Harriet Tubman

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The slave who saved her people by escaping and then going back to save the rest of them.

Transcript of Harriet Tubman

  • 1. Childhood Life
    • Harriet Tubman was born a slave in 1820.
  • At the age of six she began working as a house slave.
  • About seven years later she was sent to work in the fields.

2. Life as a Slave

  • Harriet married a free slave, taking his last name.
  • She wasnt able to see any of her family members.
  • She worked day in and day out.

3. Guardian

  • Harriet Tubman was injured saving her field hand. She wasblocking a doorway to protect her field hand from an overseer. The overseer picked up a two pound block and through it but the brick fell short and hit Harriet on the head.
  • She always looked after her people.

4. Slave No More

  • Harriet wanted to escape from slavery.
  • One night she planned to head out with assistance from a white woman.
  • She went to Pennsylvania and found work to save up some money.

5. Journey Begins

  • When Harriet had enough money she went back to the slave field first to get her family.
  • Harriet returned to the south again and again.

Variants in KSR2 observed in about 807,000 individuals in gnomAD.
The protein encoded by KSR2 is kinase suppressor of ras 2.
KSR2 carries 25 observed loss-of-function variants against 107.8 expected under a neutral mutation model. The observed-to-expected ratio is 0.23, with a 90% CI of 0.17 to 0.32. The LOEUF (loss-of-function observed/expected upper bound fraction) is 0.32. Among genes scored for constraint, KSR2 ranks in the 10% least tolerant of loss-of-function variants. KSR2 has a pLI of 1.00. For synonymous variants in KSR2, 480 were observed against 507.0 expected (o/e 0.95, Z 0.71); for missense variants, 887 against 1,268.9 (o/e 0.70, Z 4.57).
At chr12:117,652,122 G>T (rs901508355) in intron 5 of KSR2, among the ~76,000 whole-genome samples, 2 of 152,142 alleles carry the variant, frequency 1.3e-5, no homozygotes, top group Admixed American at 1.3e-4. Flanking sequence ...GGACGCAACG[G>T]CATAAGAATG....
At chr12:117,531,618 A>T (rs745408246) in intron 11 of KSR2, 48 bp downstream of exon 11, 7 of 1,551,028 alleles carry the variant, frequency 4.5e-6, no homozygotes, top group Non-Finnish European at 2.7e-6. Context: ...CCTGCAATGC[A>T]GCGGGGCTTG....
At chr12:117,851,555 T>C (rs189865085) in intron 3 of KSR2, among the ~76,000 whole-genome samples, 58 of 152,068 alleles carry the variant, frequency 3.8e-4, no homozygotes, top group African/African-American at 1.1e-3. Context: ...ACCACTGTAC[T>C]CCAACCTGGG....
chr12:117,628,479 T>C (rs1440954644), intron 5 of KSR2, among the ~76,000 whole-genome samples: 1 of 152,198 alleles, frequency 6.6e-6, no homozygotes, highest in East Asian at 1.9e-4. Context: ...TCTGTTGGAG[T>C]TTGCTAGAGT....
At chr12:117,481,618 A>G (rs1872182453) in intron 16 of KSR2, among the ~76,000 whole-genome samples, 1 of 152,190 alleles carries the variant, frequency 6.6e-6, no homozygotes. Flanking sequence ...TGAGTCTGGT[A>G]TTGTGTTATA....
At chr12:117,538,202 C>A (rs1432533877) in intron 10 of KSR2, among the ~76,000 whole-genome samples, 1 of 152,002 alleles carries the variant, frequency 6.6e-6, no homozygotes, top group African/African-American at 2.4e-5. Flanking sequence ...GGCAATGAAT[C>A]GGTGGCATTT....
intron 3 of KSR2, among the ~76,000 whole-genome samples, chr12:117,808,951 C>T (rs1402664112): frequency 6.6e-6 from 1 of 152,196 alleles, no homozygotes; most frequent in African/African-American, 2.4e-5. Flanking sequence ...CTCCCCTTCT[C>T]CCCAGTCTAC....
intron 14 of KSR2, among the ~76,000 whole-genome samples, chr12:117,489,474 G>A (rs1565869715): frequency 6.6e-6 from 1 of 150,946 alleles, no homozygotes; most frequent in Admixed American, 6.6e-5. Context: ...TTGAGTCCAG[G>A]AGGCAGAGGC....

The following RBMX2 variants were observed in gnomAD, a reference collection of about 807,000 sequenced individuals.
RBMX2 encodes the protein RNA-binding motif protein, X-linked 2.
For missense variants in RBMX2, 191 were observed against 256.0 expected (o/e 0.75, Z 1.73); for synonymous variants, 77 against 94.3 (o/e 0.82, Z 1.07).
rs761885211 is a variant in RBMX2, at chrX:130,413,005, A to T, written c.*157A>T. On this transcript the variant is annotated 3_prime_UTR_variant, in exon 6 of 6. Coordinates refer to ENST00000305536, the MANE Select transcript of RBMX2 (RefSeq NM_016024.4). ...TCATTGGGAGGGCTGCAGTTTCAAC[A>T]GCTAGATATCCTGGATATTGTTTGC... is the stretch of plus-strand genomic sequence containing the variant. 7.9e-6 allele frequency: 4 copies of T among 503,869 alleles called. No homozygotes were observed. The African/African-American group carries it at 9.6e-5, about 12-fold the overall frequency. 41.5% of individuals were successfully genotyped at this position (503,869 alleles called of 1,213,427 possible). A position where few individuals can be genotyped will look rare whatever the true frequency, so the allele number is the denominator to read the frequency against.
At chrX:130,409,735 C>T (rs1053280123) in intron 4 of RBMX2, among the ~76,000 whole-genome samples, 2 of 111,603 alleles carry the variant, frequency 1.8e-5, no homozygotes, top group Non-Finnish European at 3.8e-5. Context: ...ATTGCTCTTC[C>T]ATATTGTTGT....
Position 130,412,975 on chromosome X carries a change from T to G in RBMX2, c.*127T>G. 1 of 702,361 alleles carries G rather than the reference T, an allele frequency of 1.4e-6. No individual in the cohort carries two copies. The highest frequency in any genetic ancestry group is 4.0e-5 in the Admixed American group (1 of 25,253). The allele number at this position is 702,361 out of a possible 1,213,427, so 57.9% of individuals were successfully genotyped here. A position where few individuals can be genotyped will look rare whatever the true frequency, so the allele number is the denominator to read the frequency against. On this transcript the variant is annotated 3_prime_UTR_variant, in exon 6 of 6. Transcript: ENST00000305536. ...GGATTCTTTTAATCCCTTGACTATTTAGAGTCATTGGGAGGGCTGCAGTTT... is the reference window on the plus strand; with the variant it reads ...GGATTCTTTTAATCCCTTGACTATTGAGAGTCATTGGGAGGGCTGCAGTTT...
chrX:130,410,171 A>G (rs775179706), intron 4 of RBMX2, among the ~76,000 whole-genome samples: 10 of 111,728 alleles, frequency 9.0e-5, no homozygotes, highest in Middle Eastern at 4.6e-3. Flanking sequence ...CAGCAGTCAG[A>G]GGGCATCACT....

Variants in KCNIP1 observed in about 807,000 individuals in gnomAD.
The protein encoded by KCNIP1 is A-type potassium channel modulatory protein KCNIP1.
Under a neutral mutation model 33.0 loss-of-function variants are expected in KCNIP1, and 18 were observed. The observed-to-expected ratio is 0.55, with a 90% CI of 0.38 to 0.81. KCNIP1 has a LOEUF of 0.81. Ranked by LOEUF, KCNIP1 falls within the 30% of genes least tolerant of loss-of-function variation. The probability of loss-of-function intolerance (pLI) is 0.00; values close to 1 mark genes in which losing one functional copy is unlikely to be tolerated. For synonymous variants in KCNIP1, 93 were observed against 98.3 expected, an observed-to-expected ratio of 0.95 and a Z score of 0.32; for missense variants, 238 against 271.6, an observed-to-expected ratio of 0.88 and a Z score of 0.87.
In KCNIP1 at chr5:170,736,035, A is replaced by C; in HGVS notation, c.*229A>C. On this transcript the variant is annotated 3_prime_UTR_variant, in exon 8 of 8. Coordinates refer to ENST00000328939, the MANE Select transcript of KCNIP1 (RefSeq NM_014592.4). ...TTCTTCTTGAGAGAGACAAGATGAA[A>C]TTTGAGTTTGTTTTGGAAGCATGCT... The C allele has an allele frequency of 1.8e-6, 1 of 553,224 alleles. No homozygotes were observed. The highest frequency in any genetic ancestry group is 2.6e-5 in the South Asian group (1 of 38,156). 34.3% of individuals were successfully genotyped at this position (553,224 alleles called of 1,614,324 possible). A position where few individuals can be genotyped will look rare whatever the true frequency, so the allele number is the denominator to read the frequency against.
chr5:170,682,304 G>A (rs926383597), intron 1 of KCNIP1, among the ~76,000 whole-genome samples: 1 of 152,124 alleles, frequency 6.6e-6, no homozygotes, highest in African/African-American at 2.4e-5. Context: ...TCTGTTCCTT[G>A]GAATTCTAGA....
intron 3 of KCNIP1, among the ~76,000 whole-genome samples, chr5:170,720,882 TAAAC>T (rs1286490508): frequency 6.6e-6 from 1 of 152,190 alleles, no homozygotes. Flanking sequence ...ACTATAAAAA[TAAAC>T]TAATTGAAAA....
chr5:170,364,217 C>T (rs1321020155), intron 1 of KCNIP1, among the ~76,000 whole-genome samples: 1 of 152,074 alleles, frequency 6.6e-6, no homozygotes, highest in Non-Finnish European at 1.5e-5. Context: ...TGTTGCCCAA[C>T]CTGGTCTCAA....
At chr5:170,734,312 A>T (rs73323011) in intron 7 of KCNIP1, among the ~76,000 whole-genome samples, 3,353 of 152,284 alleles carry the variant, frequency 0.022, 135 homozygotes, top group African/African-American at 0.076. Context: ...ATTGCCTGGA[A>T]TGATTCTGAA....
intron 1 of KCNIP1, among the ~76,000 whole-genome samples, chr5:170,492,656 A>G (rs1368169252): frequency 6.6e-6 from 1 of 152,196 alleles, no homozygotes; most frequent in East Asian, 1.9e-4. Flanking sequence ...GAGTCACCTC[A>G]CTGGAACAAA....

6. Freeing Her People

  • She devised clever techniques that helped make her forayssuccessful, including leaving on a Saturday night, since runaway notices couldn't be placed in newspapers until Monday morning; turning about and heading south if she encountered possible slave hunters; and carrying a drug to use on a baby if its crying might put the fugitives in danger.


  • Harriet carried a gun just to threaten the runaway slaves if they decide they are too tired and want to go back. She would say Youll be free or die.

8. 300 Slaves Saved Harriet Tubman never lost one slave. All 300 were saved. 9. After Slavery

  • Harriet couldnt read or write but she outwitted bounty hunters and sheriffs. In 1868, Harriet began working on her autobiography with Sara Hopkins Bradford, a white school teacher in Auburn, New York. Her autobiography was publishedin 1868.


  • In 1896, she was a delegate to the National Association of Colored Women's first annual convention. Around the turn of the century, she bought 25 acres of land near her home with money raised through benefactors and speaking engagements, and made arrangements for the African Methodist Episcopal Zion Church to take over the Home.

Start of the rest of her life